Home » Would You Ever Admit You Weren’t the Best?

Would You Ever Admit You Weren’t the Best?

Avis did.

Avis ran a whole ad campaign for several years based on the fact that they were NOT the number one company in their industry.

We’re number two. We try harder.

They stood naked to the world. We are not number one. That admission was enough to garner a whole lot of trust. Any company willing to admit something like that so boldly shows that they have nothing to hide.

The Currency they were spending was Reputation and Prestige. They put their reputation and prestige on the line, told everyone their warts, and used it to their advantage. End result? Their market share rose from 10% to 35%!!

Admitting your flaws or shortcomings may seem counter intuitive to getting people to trust you, but in reality, it can be one of your most powerful tools to earning that trust. They say honesty is the best policy, right?

Being honest about your flaws is simply the right thing to do. Admitting when you made a mistake wins the heart of the customer. They know you made a mistake. You know you made a mistake. Trying to cover it up or ignore it only builds distrust and resentment.

Everything and everybody and every business has flaws. No one and nothing is perfect. When you try to show that you are perfect to everyone, they see right through you. They know there is a downside. They will be looking for the downside whether you tell them or not. So go first. Tell them the downside to doing business with you before they start looking. Tell them the downside to the product you’re trying to sell them. The upside of telling them the downside is that they are more willing to trust everything else you say.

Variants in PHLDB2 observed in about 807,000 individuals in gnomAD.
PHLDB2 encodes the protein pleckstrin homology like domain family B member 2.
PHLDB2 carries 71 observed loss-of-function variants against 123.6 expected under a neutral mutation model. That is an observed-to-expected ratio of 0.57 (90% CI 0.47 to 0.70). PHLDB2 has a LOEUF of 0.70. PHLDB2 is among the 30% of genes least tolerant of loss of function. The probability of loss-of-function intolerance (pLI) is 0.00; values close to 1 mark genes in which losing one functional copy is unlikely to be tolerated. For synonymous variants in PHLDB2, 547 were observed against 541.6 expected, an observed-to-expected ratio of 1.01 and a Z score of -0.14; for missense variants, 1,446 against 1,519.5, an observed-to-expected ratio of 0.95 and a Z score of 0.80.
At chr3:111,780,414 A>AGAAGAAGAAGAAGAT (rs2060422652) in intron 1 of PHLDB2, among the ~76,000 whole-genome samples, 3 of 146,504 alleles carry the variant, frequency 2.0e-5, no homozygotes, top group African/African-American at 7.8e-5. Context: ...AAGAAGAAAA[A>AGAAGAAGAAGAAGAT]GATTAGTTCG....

1. Admit your mistakes and shortcomings.
  2. Tell them the downside.

Building trust doesn’t cost as much as you think. You just have to spend the right currencies.

-Phil Wrzesinski

PS Patagonia is another example Tom Wanek used in his book. They were a multi-million dollar company when the owner realized his company wasn’t lined up with his own personal values of being environmentally conscious. He totally revamped the company and lost a lot of business in the process. But he gained a lot of trust, too. That trust is what led him back from the brink. His customer base basically said, “Anyone willing to take so much heat and so many financial losses to run his company in a way he could be proud is someone I can trust to do what he says he’ll do.”

PPS You don’t need business examples to know this is true. The media and celebrity world give you all the examples you’ll ever need. Admit the scandal and people forgive you. Deny the scandal and the storm never blows over.

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